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Economy trumps all in South Carolina

In the days ahead of Saturday's South Carolina primary NBC's Tom Brokaw learned about the issues most important to people in the Palmetto State for the Nightly News series Main Street, USA.


By Tom Brokaw
NBC News
Columbia, S.C.

There are only two days left until South Carolina’s Republican presidential primary and a new NBC News/Marist poll shows former House Speaker Newt Gingrich is gaining ground. Former Massachusetts Gov. Mitt Romney has a 10-point lead over Gingrich, but Gingrich now has the support of 24 percent of likely Republican primary voters in the state – and the support of the latest candidate to drop-out, Texas Gov. Rick Perry.

I spent two full days in South Carolina, from Greenville-Spartanburg to Columbia and many stops between, including the old mill towns of Laurens and Newberry. The Palmetto State has so many parts -- the coastal areas, the midlands, the western front -- and they're all distinct in their geography and culture. But after speaking with people throughout the region, I found nearly everyone agreed that this year the economy trumps all in South Carolina, a deeply religious state where social issues such as abortion and gay rights have played larger roles in the past.

NBC's Tom Brokaw spoke with Ron Paul supporters at a "debate watch party" at Bailey's Pub and Grille in Greenville South Carolina.   

Ernie Segars, the county administrator in Laurens, S.C., said although religious issues are “very important” to voters, “jobs and the economy are the major issues right now.”

“I think when the economy’s better and things are improved, and certainly the social issues are important and will have a role,” Segars said.

Watch Tom Brokaw tonight on “Nightly News” as he connects with voters in the political battleground of South Carolina, the second in a series of reports called “Main Street, USA.”  Click HERE to watch the first report, from Iowa.

Gov. Nikki Haley, a Tea Party darling who has struggled with her ratings her first year in office, echoed that sentiment.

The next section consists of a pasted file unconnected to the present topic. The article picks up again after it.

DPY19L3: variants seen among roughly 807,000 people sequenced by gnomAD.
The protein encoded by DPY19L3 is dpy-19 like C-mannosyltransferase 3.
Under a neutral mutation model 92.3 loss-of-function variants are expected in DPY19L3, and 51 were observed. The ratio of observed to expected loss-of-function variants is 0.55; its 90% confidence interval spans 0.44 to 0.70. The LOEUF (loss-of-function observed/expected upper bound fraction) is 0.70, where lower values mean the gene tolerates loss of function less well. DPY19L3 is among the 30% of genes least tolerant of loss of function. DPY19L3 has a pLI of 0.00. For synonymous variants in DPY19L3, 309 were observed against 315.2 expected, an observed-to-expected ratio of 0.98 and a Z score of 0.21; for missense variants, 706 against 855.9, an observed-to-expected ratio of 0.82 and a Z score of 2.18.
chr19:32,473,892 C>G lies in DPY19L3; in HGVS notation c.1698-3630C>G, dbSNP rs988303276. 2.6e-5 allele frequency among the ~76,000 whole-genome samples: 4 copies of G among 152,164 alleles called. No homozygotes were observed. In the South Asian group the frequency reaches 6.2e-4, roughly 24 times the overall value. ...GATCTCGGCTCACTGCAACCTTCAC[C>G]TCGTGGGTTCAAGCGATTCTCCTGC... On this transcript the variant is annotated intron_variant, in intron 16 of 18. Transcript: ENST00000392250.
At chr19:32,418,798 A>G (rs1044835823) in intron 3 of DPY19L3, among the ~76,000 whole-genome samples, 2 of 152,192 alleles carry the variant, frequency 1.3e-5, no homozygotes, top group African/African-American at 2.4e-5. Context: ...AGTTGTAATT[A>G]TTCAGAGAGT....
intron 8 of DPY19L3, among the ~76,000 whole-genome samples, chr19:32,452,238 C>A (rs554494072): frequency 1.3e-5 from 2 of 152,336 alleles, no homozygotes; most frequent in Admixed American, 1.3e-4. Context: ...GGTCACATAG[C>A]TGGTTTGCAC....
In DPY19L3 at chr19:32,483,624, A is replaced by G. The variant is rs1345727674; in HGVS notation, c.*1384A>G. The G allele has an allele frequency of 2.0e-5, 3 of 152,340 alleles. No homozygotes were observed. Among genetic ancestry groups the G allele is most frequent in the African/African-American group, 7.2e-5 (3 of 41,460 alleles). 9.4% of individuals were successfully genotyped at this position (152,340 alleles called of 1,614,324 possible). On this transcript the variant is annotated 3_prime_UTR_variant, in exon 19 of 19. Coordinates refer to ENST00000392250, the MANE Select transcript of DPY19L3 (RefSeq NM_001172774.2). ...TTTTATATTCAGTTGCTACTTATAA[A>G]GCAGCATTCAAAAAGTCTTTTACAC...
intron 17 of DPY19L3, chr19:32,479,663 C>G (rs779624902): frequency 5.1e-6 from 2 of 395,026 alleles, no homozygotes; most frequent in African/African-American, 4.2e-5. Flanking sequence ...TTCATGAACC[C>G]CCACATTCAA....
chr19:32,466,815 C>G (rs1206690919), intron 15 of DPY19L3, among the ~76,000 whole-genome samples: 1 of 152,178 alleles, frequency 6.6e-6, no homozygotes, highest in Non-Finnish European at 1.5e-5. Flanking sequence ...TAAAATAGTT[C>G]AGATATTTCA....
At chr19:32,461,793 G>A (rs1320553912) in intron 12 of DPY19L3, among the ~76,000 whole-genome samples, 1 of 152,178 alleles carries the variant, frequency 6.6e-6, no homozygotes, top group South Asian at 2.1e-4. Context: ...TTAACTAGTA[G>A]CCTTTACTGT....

“We’re looking for a president that understands it’s all about jobs,” said Haley, who has endorsed Romney.  “The hardest part about my job has been the Obama administration … The people of South Carolina saw that we passed by the will of the people legal immigration reform and the Department of Justice stopped it … The people have experienced the mandates and the stops of the federal government and they’re frustrated with it. And so they’re looking for someone that can go in day one and say, ‘Lay off the states, let them do their jobs and let’s get people back to work.’”

South Carolina's unemployment rate has hovered close to 10 percent, even with a new BMW plant and the arrival of some support industries.   

I also spoke with the state’s U.S. Sen. Lindsey Graham, a Republican who is being criticized by his own party and a variety of other party activists for his occasional departure from Republican orthodoxy.

“The question for the Republican party, would we put raising revenue on the table to solve our entitlement problem?” he asked. “Will our Democratic friends put on the table working longer and reducing benefits? And every time you put these ideas on the table, people come at you pretty hard.”


NBC's Tom Brokaw speaks with South Carolina's Sen. Lindsey Graham.

After talking with dozens of people, I encountered the most passionate opinions at a Ron Paul debate party at Bailey’s sports bar in Greenville: all working class and mostly young, many of whom had not been involved in politics before.

I asked Sandy Monroe what she found so appealing about Ron Paul.

“He challenged my ideas,” she said.  “He sent me back to the Constitution and the Bill of Rights and to the Founding Fathers … He could win if the people understood what he stood for.  If people like me would actually go study what he says, it makes sense.  And it’s our freedom that he’s talking about.”

But for Robert Whitney, “it’s a trust issue.”

“Everything that Romney says, he’s flip-flopped too much,” Whitney said. “When there’s big government people saying that Ron Paul has integrity, that he’s a man that stands by his word, then I mean, I think that’s all the proof you need.”

Tune in to “Nightly News” tonight for more of Tom Brokaw’s reporting from South Carolina and join the conversation on the “Nightly News” Facebook page.